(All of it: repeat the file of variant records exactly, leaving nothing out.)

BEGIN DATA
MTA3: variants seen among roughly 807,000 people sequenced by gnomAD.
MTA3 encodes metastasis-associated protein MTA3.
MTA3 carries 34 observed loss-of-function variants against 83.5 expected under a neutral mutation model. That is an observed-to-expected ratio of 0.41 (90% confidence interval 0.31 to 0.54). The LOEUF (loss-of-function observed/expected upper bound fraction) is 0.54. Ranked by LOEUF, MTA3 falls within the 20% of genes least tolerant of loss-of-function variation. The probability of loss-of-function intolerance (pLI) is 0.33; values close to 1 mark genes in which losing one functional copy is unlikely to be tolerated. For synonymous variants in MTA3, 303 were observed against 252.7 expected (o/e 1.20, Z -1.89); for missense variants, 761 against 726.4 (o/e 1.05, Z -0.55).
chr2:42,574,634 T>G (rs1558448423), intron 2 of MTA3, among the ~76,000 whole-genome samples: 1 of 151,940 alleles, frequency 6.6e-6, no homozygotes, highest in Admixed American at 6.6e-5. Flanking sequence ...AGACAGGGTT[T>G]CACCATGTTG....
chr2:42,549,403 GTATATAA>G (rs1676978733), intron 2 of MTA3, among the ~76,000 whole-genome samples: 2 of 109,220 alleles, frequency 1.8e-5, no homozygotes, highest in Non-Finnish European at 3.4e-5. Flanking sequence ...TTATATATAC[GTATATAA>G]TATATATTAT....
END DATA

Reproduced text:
MTA3: variants seen among roughly 807,000 people sequenced by gnomAD.
MTA3 encodes metastasis-associated protein MTA3.
MTA3 carries 34 observed loss-of-function variants against 83.5 expected under a neutral mutation model. That is an observed-to-expected ratio of 0.41 (90% confidence interval 0.31 to 0.54). The LOEUF (loss-of-function observed/expected upper bound fraction) is 0.54. Ranked by LOEUF, MTA3 falls within the 20% of genes least tolerant of loss-of-function variation. The probability of loss-of-function intolerance (pLI) is 0.33; values close to 1 mark genes in which losing one functional copy is unlikely to be tolerated. For synonymous variants in MTA3, 303 were observed against 252.7 expected (o/e 1.20, Z -1.89); for missense variants, 761 against 726.4 (o/e 1.05, Z -0.55).
chr2:42,574,634 T>G (rs1558448423), intron 2 of MTA3, among the ~76,000 whole-genome samples: 1 of 151,940 alleles, frequency 6.6e-6, no homozygotes, highest in Admixed American at 6.6e-5. Flanking sequence ...AGACAGGGTT[T>G]CACCATGTTG....
chr2:42,549,403 GTATATAA>G (rs1676978733), intron 2 of MTA3, among the ~76,000 whole-genome samples: 2 of 109,220 alleles, frequency 1.8e-5, no homozygotes, highest in Non-Finnish European at 3.4e-5. Flanking sequence ...TTATATATAC[GTATATAA>G]TATATATTAT....